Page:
Also, the Joint List, Israel’s third-largest political party, reportedly boycotted Pence’s visit. The party represents much of the Arab section of Israeli society, according to reports. The position of Israeli-Arabs aligns with that of the Arab world.
A joint communiqué issued at the end of the Organisation of Islamic Cooperation (OIC) summit reportedly described Trump’s decision as “irresponsible, illegal and unilateral” and “null and void legally.”Incidentally, two enemies within the Arab community, Iran and Saudi Arabia, signed the communiqué.
The desire for enduring peace in the region surpasses religious sentiments. This, Trump has failed to acknowledge.Pope Tawadros II, the head of Egypt’s Coptic Church, the largest Christian community in the Arab world, reportedly boycotted Pence’s visit. Ahead of the VP’s visit, Christian leaders in the Middle East had denounced Trump’s decision on Jerusalem. Reports said the patriarchs and heads of Jerusalem churches published a rare joint letter addressed to Trump, beseeching him to reconsider his position.
“Our solemn advice and plea is for the United States to continue recognising the present international status of Jerusalem,” the letter said. The letter, which was signed by 13 church leaders from Greek, Syrian and Armenian Orthodox, Catholic, Lutheran and other traditions, warned Trump of “potential repercussions,” according to The Los Angeles Times.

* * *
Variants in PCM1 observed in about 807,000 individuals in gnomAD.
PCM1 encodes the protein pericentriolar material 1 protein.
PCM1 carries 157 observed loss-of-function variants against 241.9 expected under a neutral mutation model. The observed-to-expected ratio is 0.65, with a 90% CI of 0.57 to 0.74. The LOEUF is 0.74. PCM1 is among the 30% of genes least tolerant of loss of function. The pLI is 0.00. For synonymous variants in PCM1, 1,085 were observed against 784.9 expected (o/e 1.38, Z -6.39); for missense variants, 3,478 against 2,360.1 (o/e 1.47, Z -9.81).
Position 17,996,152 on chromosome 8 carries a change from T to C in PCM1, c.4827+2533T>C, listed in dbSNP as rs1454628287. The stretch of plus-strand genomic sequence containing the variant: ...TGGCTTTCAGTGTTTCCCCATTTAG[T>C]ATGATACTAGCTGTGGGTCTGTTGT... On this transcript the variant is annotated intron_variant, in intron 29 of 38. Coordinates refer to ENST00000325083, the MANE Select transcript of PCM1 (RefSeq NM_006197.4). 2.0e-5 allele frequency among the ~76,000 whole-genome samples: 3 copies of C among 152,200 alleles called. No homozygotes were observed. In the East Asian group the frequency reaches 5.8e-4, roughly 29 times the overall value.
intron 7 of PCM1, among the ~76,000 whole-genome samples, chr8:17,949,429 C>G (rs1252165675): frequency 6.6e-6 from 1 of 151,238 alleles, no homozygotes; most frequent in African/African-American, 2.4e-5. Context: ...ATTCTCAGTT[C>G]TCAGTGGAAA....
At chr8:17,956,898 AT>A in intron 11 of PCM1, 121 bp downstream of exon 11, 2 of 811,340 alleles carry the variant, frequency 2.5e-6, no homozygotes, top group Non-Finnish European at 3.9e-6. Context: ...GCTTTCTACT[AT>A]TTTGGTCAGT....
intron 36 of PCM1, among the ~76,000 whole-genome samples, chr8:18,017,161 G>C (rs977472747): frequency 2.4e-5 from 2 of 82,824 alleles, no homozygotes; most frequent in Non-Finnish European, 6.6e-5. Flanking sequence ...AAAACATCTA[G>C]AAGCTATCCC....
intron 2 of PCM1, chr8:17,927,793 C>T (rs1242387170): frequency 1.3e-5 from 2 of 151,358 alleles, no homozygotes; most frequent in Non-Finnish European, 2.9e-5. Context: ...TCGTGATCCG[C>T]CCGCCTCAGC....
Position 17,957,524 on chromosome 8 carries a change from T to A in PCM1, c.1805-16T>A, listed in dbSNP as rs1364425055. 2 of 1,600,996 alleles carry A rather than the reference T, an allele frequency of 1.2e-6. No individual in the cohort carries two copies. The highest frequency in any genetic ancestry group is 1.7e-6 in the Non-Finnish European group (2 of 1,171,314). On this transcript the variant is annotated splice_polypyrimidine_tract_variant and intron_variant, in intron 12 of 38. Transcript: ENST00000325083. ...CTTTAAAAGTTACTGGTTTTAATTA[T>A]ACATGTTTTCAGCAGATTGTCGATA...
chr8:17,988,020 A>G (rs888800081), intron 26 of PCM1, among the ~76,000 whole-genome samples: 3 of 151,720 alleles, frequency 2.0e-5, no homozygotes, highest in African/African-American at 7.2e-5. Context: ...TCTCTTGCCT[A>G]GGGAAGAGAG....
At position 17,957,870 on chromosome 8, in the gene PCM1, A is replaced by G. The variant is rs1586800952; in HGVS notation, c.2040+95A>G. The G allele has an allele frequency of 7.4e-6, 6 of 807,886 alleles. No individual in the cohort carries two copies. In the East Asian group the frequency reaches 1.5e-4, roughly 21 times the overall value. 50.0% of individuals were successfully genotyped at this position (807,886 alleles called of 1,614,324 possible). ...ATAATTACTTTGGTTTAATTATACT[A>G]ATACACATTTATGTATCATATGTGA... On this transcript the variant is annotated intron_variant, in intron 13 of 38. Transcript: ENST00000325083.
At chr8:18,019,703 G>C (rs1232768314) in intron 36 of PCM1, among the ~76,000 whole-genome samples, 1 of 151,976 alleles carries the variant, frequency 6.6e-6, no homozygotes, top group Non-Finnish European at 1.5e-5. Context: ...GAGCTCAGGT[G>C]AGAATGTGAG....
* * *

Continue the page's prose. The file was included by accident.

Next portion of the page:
“We are certain that such steps will yield increased hatred, conflict, violence and suffering in Jerusalem and the Holy Land,” they stressed. Also, the Catholic Pontiff, Pope Francis, has expressed his strong opposition to Trump’s decision. And while Abbas was in Brussels lobbying the EU, his Fatah Party called for a general strike of all Palestinians to protest Pence’s visit and Trump’s recognition of Jerusalem.
Currently, there are no fewer than 86 embassies in Tel Aviv while none exists in Jerusalem. This is to say all countries of the world are being cautious not to take any action that could inflame the fragile peace in the region. The desire to find a lasting solution to the conflict in the region cuts across religious and political divides. Up till December 2017 when Trump made public his plan that would predictably isolate the US, by declaring Jerusalem as the capital of Israel, there was a ray of hope that there would be progress in the next round of peace talks between Israelis and Palestinians.
Evidently, ordinary Israelis and Palestinians are hungry for peace. The people are ready to make sacrifices to attain peace and harmony. They are tired of bloodshed in the region. They have since realised that it is only under a tranquil atmosphere that they can survive. There is the fear that, if the ugly situation being foisted by Trump is not properly handled, there would be a repeat of the intifada (Palestinian uprising) that occurred following the failure of peace negotiations at Camp David in 2000.
Even with the outrage that trailed his decision, the ‘Machiavellian’ American leader, who might have silently adopted ‘Jerusalem Second’ as his second mantra after his ‘America First,’ is racing to Jerusalem to plant a time bomb that could throw the region into a mutually destructive war.